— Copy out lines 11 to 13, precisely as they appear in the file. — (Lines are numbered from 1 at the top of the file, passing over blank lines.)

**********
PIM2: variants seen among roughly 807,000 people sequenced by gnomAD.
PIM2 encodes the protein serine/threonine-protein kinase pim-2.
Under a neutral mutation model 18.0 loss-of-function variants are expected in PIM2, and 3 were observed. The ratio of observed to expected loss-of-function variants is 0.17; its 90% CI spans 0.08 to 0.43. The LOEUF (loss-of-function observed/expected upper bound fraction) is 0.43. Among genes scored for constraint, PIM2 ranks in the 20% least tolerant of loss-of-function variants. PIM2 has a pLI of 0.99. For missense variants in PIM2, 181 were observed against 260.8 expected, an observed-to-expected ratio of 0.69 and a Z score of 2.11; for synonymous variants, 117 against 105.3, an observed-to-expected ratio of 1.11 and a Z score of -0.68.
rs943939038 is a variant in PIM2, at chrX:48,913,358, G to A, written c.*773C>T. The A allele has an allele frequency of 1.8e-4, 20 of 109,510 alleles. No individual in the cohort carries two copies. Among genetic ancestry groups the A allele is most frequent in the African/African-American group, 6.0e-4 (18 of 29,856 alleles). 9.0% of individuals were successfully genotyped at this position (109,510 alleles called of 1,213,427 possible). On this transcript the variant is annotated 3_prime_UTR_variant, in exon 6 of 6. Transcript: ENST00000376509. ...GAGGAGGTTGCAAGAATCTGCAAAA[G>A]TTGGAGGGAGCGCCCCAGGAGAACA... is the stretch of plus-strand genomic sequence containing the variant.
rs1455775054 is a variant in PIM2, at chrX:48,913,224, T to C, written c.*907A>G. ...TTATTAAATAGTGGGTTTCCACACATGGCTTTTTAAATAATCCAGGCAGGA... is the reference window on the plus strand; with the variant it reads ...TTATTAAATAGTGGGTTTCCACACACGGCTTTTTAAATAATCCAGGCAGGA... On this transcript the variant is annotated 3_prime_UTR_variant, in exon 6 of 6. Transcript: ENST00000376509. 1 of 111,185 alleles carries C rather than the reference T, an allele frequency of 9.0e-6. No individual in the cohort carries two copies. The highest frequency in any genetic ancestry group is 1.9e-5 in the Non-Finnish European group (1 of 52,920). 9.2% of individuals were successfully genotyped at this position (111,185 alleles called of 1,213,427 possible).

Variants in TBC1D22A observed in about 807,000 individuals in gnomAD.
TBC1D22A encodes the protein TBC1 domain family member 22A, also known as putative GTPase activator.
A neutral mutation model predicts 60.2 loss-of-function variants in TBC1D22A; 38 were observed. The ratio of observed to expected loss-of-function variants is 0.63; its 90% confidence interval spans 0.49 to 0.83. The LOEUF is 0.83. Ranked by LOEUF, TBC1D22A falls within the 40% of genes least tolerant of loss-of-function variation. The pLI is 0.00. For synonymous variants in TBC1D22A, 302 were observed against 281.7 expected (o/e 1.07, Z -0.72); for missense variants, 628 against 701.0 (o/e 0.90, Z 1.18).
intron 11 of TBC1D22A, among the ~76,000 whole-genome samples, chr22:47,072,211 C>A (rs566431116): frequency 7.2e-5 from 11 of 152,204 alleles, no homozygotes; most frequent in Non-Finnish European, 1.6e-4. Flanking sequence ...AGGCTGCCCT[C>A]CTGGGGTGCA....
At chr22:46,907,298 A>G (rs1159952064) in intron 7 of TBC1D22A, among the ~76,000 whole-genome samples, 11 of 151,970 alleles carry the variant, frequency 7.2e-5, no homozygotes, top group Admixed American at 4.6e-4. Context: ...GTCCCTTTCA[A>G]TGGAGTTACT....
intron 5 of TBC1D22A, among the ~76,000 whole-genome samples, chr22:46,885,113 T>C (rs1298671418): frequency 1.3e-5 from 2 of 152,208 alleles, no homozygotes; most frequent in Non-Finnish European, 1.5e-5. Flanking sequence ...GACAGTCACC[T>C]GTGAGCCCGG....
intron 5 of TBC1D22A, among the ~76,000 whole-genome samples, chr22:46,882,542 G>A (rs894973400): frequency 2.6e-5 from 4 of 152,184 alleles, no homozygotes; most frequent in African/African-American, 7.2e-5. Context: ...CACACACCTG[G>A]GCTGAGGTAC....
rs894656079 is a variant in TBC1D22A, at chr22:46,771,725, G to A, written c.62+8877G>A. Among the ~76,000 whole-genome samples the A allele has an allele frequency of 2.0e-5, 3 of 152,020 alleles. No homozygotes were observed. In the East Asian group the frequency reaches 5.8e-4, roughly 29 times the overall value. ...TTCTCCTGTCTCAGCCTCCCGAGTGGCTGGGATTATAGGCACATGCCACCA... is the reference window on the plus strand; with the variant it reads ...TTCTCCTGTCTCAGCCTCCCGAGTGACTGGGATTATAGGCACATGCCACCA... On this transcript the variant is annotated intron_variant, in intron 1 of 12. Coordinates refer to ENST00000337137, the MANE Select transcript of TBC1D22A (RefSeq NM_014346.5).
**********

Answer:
intron 5 of TBC1D22A, among the ~76,000 whole-genome samples, chr22:46,885,113 T>C (rs1298671418): frequency 1.3e-5 from 2 of 152,208 alleles, no homozygotes; most frequent in Non-Finnish European, 1.5e-5. Flanking sequence ...GACAGTCACC[T>C]GTGAGCCCGG....
intron 5 of TBC1D22A, among the ~76,000 whole-genome samples, chr22:46,882,542 G>A (rs894973400): frequency 2.6e-5 from 4 of 152,184 alleles, no homozygotes; most frequent in African/African-American, 7.2e-5. Context: ...CACACACCTG[G>A]GCTGAGGTAC....
rs894656079 is a variant in TBC1D22A, at chr22:46,771,725, G to A, written c.62+8877G>A. Among the ~76,000 whole-genome samples the A allele has an allele frequency of 2.0e-5, 3 of 152,020 alleles. No homozygotes were observed. In the East Asian group the frequency reaches 5.8e-4, roughly 29 times the overall value. ...TTCTCCTGTCTCAGCCTCCCGAGTGGCTGGGATTATAGGCACATGCCACCA... is the reference window on the plus strand; with the variant it reads ...TTCTCCTGTCTCAGCCTCCCGAGTGACTGGGATTATAGGCACATGCCACCA... On this transcript the variant is annotated intron_variant, in intron 1 of 12. Coordinates refer to ENST00000337137, the MANE Select transcript of TBC1D22A (RefSeq NM_014346.5).